Piniella knew where he was comfortable. Funny, no one is saying much about Sori now. Such fickle fans we are. But hey, we just want a winner. For the record, as much as I like him, I’ll continue to question Piniella, but not about the Soriano/leadoff issue. It’s a dead horse. He’ll slump again, and it will come right back to the lips of the fans who still think we should trade half of our farm system for .272 Brian Roberts. But I’m out. No more Soriano debates.

Plus / Minus

Minus to: Jim Edmonds

Why? Because he doesn’t belong here. My readers are pretty smart, so I know they read Doug’s column — by now you know that this was just as hard for Cardinal fans to stomach. This guy was one of my least favorite players in the game. Diving in unnecessary situations then rising slowly to his feet, posing for the camera and making sure his hair wasn’t a mess. Ugh. Of course there was the oft-discussed Zambrano/Edmonds showboating/pointing incident in 2004 that earned Edmonds a Z fastball in the ear and Carlos a five game suspension.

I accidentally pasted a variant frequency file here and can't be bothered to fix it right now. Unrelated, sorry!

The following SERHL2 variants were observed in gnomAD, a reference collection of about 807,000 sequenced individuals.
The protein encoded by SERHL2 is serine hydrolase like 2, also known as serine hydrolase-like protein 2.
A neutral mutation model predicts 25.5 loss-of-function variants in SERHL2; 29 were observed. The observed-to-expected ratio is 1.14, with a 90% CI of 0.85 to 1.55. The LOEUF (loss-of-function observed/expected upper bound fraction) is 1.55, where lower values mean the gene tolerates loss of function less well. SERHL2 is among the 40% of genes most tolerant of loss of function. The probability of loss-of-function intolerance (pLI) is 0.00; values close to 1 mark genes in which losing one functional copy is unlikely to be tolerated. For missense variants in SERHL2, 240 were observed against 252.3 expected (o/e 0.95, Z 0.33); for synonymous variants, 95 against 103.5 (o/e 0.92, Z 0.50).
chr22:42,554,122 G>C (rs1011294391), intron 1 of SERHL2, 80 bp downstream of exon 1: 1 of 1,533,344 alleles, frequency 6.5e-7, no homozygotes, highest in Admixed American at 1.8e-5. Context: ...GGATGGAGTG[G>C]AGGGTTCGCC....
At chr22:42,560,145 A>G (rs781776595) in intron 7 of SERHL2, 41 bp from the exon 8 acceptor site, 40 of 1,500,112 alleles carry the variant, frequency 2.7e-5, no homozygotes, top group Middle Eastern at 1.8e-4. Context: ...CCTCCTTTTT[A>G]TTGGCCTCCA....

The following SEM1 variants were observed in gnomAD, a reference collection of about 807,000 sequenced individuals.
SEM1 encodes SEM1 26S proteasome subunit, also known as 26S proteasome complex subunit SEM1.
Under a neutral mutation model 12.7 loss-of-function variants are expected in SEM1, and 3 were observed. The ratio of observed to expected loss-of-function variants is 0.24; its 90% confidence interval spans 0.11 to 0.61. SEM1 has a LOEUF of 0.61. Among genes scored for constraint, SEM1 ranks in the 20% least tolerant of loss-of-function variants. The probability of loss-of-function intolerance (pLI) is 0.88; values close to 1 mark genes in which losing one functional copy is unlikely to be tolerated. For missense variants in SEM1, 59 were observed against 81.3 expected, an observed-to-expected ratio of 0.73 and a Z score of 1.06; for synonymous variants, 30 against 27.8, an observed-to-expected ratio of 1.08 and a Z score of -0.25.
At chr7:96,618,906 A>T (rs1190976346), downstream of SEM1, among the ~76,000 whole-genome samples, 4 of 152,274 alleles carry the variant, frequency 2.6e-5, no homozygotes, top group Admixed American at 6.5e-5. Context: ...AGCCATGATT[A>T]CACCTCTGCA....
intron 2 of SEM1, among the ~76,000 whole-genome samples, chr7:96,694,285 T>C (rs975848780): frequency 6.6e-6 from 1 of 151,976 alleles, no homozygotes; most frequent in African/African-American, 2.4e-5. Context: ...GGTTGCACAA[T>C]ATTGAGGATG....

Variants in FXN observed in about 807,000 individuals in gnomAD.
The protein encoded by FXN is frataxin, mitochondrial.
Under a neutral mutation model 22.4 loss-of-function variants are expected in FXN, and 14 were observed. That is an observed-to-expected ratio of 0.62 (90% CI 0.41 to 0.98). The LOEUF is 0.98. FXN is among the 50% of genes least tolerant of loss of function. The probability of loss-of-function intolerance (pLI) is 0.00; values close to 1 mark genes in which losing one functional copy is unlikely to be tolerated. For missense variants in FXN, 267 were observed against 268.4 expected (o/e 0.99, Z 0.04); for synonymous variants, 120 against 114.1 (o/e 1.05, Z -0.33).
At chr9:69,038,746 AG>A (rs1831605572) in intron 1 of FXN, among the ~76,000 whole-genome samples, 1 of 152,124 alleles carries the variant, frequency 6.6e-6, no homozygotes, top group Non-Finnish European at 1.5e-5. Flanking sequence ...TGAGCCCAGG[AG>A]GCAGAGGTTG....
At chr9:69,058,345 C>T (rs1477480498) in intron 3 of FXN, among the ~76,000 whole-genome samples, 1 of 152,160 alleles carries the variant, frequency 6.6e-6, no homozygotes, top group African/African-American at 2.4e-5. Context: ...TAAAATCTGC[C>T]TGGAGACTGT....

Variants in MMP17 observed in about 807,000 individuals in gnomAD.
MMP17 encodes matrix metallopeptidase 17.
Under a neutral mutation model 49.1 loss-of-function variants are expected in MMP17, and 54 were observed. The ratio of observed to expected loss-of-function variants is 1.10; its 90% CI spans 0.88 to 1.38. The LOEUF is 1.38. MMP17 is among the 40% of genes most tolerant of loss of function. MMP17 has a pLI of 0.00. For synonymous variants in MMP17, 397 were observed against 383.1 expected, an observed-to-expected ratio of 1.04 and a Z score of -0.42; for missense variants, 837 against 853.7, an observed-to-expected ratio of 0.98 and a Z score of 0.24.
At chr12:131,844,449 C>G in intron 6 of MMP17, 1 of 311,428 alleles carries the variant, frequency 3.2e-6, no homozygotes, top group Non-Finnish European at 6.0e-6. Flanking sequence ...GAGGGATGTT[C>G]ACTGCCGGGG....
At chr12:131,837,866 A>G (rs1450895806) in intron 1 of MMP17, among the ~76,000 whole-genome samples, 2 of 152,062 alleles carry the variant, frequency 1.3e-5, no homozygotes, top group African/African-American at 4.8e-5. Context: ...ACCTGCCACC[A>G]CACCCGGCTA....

But wait you say?

He has 363 career HRs and plays a great centerfield! He also has 1612 career strikeouts and 37-year old legs. I’m just not a fan. All this said, for $275,000, Hendry had to bring him on board. Pie was headed down for more “seasoning” (how much does he need?) anyway. He does offer a decent CF and a LH alternative to Reed Johnson, but I am still not truly sold. Look, I’m not wavering on this: I like Johnson and his grind it out .340 OBP. Edmonds will get some playing time against righties and he should, but hopefully not against every right-hander. As I’ve said a few times, I hope I’m wrong and “Jimmy Ballgame” still has something left in the tank. Maybe I’ll become a fan. But, don’t count on it.

Minus to: Rain

No rain last Tuesday and we sweep all four from the Fathers. Still you gotta like three of four and a win versus Peavy.

Minus to: Zambrano